Arts and Entertainment

Christmas Greetings and Christmas Beatings

Starring David Harbour as a murderous Santa Claus, Violent Night proves to be a ho-ho-whole lot of unconventional Christmas fun.

Reading Time: 4 minutes

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By Rhea Malhotra

Good ol’ Saint Nick spends all year keeping tabs on the world, filling his naughty list with the names of every misbehaving person on Earth. Typically, those on his naughty list find a lump of coal in place of a present under the Christmas tree, but in Tommy Wirkola’s Violent Night, Santa employs a new method to punish the especially naughty: murder.

A breath of fresh air from the typical sickeningly-sweet holiday film, Violent Night is a satirical thriller-comedy that puts an entirely new spin on Santa Claus. The film transforms the jolly old man that children have loved for centuries into a gruff, heavily-tattooed, no-nonsense ex-Viking-warrior-turned Kris Kringle. Played by David Harbour, this Santa isn’t afraid to kick some naughty list butt.

The movie opens with Santa chugging a glass of beer in a Bristol pub on the night of Christmas Eve, begrudgingly preparing for his strenuous one-night sleigh ride around the world. Meanwhile, a little girl named Trudy Lightstone (Lea Brady) is delightedly awaiting Christmas in her filthy-rich grandmother’s lavish mansion with her dysfunctional family when a group of mercenaries breaks in, hoping to steal 300 million dollars from the Lightstones’ family vault. Luckily for Trudy, Santa happens to pop through the chimney during the robbery and, after seeing that Trudy is on his nice list, sets out on a bloody path to ensure that Trudy lives on to see her next Christmas.

Though Violent Night's plot isn’t particularly sophisticated, it delivers exactly what it promises: a gory, chaotic film filled with unadulterated carnage and a ho-ho-whole lot of Christmas-themed quips. Mayhem follows Santa Claus as he serves justice by slaughtering the nefarious mercenaries, who all happen to be on his naughty list. The murders are bizarre and creative, ranging from electrocution by Christmas tree lights to bludgeoning with the help of a stocking filled with billiard balls. Even with the frequent fights and killings, the film manages to remain well-paced. While the cinematography of the fight scenes can be wearying at times, with the camera constantly whipping around in an attempt to immerse the audience in the action, these scenes are nicely spaced apart to allow for Christmas comedy and a needed break from the heavy onslaught of violence.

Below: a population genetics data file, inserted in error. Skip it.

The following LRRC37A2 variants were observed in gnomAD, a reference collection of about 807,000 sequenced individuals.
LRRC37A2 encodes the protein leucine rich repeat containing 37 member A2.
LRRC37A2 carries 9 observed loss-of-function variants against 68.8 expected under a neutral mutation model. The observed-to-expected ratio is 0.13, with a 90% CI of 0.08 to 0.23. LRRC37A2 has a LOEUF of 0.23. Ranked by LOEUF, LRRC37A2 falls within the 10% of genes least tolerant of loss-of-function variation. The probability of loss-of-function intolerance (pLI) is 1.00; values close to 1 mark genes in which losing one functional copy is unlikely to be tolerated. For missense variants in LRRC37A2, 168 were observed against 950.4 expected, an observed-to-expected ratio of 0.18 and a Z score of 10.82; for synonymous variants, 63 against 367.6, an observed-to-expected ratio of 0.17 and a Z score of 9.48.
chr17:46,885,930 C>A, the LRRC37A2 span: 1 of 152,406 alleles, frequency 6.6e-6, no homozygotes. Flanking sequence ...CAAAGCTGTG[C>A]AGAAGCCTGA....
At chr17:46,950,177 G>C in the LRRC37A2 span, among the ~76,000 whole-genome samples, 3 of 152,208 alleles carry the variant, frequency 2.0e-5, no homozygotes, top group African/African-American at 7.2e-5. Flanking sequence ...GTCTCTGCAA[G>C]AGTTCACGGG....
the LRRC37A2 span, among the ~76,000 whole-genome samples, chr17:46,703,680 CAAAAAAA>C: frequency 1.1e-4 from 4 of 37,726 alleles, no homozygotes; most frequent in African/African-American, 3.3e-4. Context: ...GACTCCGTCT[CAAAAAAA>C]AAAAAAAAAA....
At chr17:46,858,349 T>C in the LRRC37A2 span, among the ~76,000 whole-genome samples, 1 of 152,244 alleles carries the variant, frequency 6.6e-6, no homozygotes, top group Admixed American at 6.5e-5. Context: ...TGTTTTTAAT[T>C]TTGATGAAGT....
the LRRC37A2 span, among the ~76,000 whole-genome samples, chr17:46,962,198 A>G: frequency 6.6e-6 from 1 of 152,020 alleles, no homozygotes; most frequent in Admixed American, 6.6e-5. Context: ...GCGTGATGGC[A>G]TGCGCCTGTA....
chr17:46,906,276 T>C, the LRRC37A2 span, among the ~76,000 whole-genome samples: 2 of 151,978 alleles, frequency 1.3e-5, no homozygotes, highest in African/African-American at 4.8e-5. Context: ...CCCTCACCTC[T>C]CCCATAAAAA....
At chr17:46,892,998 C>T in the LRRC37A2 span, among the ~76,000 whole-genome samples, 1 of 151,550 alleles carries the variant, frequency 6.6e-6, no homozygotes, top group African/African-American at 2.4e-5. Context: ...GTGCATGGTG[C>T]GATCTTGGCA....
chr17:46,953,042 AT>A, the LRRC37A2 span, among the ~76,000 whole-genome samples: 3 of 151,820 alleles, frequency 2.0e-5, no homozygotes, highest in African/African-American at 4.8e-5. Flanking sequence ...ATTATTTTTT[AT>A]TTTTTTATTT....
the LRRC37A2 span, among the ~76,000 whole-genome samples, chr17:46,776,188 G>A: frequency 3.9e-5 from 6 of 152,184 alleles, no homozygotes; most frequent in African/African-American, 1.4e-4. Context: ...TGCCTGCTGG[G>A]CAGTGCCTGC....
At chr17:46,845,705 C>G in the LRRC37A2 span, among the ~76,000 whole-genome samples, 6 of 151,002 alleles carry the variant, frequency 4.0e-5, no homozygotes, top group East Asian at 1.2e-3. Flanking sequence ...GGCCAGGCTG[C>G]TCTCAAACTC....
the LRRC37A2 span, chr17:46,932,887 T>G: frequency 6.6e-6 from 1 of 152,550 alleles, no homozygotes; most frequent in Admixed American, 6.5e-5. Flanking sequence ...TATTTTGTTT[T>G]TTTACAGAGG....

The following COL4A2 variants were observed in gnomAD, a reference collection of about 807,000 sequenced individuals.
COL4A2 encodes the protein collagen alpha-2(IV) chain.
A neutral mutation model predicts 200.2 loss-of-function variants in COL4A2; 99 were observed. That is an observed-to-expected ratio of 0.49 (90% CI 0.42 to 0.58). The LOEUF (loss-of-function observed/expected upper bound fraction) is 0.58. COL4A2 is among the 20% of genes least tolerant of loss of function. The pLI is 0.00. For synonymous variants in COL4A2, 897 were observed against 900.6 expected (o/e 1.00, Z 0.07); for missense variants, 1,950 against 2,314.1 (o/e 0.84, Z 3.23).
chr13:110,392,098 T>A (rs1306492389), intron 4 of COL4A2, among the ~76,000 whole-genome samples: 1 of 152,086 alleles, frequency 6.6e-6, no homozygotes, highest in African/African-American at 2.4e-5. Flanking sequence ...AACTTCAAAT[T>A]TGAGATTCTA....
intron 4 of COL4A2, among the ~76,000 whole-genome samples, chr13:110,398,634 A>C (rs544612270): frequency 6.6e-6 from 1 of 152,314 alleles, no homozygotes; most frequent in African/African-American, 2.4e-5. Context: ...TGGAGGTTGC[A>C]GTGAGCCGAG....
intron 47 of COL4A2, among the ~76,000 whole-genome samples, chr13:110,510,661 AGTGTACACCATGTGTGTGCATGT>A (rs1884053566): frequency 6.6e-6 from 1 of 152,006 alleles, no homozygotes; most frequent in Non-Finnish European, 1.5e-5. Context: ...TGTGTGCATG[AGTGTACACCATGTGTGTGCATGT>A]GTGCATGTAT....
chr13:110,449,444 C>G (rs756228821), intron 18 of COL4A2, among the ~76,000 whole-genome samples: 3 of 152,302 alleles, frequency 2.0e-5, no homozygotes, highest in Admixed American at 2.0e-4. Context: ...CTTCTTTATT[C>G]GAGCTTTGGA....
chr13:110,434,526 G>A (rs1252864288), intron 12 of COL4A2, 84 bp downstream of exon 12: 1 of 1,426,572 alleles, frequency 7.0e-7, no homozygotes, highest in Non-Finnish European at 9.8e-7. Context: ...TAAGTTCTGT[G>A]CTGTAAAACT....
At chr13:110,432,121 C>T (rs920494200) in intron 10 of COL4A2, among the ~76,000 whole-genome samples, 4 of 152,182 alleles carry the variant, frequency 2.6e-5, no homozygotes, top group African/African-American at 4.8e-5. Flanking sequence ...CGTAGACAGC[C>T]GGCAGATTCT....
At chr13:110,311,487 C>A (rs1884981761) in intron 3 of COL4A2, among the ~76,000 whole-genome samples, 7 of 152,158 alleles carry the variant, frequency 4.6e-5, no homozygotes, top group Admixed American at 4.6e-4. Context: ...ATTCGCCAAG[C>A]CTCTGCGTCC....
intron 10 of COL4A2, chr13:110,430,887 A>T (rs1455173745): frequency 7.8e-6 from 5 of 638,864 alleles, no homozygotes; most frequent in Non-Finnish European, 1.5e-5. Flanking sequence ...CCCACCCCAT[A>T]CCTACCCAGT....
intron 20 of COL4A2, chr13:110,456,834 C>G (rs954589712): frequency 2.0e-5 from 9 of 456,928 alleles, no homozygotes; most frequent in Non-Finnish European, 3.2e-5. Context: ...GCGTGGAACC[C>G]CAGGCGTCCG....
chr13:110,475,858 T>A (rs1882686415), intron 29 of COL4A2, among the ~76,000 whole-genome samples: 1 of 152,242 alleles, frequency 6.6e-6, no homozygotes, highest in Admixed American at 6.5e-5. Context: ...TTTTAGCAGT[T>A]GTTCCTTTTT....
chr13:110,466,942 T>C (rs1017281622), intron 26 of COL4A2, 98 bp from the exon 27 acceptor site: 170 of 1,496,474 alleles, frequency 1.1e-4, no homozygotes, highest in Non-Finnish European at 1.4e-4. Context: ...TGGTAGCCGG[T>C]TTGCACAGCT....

Yet among all the blood and battle is an ultimately triumphant tale of good against evil that carries just the right amount of sentiment. The movie is far from the Hallmark card-level cheesiness of most Christmas films, but it still manages to incorporate sincere moments between the wholesomely faithful Trudy and the gruff but goodhearted Santa Claus. They share several adorable interactions, such as when Trudy proclaims her wholehearted trust in Santa when he tries to reassure her via walkie-talkie. Since the movie is jam-packed with Santa’s valiant but brutal violence, the sparsely placed heartwarming scenes are all the more touching. The film also explores themes of kindness and growth as Santa, initially jaded and disenchanted with the world’s increasing materialism, regains his faith in humanity when the originally money-hungry Lightstones use stacks of dollar bills to kindle a fire to keep Santa warm while he is weakened from his injuries. Their sacrifice not only revives Santa but also his love for Christmas and mankind.